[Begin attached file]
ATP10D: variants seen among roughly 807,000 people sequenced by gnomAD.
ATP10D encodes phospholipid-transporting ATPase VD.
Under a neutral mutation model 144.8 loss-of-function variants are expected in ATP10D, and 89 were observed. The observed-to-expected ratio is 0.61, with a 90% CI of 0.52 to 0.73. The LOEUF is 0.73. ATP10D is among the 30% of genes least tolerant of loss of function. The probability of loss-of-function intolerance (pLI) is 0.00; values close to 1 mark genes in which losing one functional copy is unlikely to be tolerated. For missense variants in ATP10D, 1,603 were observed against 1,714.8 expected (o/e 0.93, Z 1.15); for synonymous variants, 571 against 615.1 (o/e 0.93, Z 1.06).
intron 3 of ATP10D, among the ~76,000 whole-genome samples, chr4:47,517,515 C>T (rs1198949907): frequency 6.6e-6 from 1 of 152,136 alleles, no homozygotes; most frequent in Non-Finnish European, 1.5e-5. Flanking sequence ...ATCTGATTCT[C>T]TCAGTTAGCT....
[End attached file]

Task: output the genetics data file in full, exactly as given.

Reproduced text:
ATP10D: variants seen among roughly 807,000 people sequenced by gnomAD.
ATP10D encodes phospholipid-transporting ATPase VD.
Under a neutral mutation model 144.8 loss-of-function variants are expected in ATP10D, and 89 were observed. The observed-to-expected ratio is 0.61, with a 90% CI of 0.52 to 0.73. The LOEUF is 0.73. ATP10D is among the 30% of genes least tolerant of loss of function. The probability of loss-of-function intolerance (pLI) is 0.00; values close to 1 mark genes in which losing one functional copy is unlikely to be tolerated. For missense variants in ATP10D, 1,603 were observed against 1,714.8 expected (o/e 0.93, Z 1.15); for synonymous variants, 571 against 615.1 (o/e 0.93, Z 1.06).
intron 3 of ATP10D, among the ~76,000 whole-genome samples, chr4:47,517,515 C>T (rs1198949907): frequency 6.6e-6 from 1 of 152,136 alleles, no homozygotes; most frequent in Non-Finnish European, 1.5e-5. Flanking sequence ...ATCTGATTCT[C>T]TCAGTTAGCT....